Yes, I also read about how Celiac is genetic, but personally I don't believe that. I personally believe that modern wheat has been damaging the human race for as long as it existed, and while some are damaged to the degree that it is reflected in their gene, it does not mean others are foolproof. I think other people are just damaged to a lesser degree that it is only reflected in minor symptoms at this point in time. IMHO I even believe that humans could've all lived longer if wheat was not in our diet. Now that I am in the "gluten mindset", I see everyone around me being Celiac to some degree. I know I'm not using that term correctly but I mean that we could all have some malfunction in the gut that's affecting different nutrient absorption and disrupting body functions with a gluten diet. My close and extended family are all healthy people in terms of not having any major health problems, but everyone has some inconvenient health problem that's very stubborn, like overweight, leg weakness, throat irritation, etc. If everyone went gluten-free, we could see if those symptoms resolves or not.

Rambled a bunch as you can see I'm new to this and still excited with all the discoveries.....

 

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Those are definitely strange and not your typical celiac symptoms. Celiac disease is not a gluten intolerance, it is a very scary autoimmune disease. It literally is your body attacking itself. There are no benefits to eating gluten free unless you have celiac or non-celiac gluten sensitivity. As others have said, I strongly suggest ruling out other conditions and visiting the doctor. 

Even if he is doing well without gluten, usually there are underlying nutrional deficiencies that should be checked out. 

I wish you luck and please keep us updated with your son's condition. 

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Also forgot to mention, usual celiac response after eating gluten is bloating not sunken stomach. 

 

As someone else mentioned, carbs break down into sugar and this could be a sign of pre-diabetes with the frequent urination. Check the other symptoms of diabetes as well. Such as itchiness, tingling hands/feet, excessive thirst, slow wound healing, blurry vision etc. I realize some of these may be hard to figure out with a 4 year old, that's why you should contact your child's pediatrician. Most are doing virtual visits if you don't feel safe going to the office.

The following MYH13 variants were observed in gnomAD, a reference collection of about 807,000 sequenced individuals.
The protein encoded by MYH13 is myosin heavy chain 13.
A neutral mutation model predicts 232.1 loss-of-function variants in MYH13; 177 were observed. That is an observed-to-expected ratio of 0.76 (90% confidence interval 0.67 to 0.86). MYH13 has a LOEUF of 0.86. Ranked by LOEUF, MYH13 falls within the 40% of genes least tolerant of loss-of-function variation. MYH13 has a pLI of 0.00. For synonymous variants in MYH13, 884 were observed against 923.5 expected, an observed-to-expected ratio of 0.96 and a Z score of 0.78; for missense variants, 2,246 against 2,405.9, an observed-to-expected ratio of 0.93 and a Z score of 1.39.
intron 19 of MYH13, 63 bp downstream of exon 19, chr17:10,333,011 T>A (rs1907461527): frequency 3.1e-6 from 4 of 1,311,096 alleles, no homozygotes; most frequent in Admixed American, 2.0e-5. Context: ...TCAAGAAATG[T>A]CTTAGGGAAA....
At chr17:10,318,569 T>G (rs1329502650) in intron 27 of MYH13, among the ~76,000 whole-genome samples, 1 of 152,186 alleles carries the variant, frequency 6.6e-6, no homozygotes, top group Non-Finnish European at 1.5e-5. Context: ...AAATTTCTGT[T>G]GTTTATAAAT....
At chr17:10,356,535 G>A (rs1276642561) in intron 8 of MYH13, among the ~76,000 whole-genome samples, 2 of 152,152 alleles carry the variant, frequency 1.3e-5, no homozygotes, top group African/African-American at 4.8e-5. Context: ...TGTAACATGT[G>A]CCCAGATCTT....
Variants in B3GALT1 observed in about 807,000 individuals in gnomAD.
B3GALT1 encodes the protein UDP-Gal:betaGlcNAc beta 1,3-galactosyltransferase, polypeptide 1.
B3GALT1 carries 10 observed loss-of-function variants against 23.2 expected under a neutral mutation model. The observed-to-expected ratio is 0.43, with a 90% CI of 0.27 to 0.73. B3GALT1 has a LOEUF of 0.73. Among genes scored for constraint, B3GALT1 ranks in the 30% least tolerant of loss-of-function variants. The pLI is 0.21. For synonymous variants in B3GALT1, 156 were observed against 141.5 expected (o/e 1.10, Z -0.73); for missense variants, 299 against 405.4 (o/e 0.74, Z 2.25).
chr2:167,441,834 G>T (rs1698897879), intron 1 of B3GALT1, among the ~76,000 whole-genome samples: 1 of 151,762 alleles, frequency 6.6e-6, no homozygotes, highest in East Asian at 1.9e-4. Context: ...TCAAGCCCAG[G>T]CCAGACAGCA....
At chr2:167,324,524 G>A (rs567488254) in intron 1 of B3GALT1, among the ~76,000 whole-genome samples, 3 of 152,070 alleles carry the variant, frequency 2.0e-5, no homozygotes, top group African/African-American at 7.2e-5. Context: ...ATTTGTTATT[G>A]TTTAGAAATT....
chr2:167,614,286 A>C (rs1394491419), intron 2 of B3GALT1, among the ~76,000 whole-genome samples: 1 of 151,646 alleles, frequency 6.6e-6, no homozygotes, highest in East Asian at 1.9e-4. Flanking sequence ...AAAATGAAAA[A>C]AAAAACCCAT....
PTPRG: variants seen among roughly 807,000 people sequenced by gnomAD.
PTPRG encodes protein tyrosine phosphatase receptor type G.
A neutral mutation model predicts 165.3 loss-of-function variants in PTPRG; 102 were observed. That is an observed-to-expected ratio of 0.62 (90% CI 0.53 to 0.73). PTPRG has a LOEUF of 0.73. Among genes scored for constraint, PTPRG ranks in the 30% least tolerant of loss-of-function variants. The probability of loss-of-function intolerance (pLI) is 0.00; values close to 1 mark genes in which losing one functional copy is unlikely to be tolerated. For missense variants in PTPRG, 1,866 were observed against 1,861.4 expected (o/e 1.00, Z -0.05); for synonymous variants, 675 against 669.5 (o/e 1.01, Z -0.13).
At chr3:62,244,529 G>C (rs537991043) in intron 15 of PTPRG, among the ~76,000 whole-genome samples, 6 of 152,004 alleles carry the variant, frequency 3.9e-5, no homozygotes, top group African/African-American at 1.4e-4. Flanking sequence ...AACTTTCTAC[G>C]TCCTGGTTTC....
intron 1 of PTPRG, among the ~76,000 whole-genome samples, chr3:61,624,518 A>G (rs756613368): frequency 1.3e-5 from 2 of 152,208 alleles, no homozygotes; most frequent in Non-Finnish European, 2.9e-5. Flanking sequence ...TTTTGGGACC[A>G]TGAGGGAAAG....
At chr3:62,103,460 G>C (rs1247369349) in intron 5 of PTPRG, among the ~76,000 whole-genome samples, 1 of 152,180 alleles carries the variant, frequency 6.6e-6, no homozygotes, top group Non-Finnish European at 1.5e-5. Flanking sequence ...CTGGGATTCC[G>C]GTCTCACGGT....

Best of luck. 

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Hi J3ssica899, thank you for your concern. My son doesn't have any of the other diabetes symptoms, and the frequent urination is not clinical-level. It's just that he gets up like twice in the morning to pee rather than sleeping all the way through (during the few weeks before going gluten-free) and tends to have to pee one more time in addition to just having peed before leaving home (which I remember having a phase like that myself when I was a teenager and I don't have diabetes, neither does anyone in the family). I only noticed it because I tend to be very observant and my interest increased when this behavior vanished right after the day he went gluten-free. 

Yes, his symptoms are not typical yet are strongly connected to eating gluten. That's what makes me so interested in it. He does not get bloating or anything like that, and instead a sunken stomach after eating gluten (which is probably only noticeable now because he used to be semi-chubby). I take it as no digestive action, no enzymes, no bacteria to bulk up stool etc. Also no absorption results in further weight loss thus even more sunken. I don't see a need to consult his pediatrician because the symptoms were temporary and mild (I think most parents would just dismiss them) and also I wouldn't put gluten back into him just for the sake of a diagnosis. I diagnosed him and it's convincing.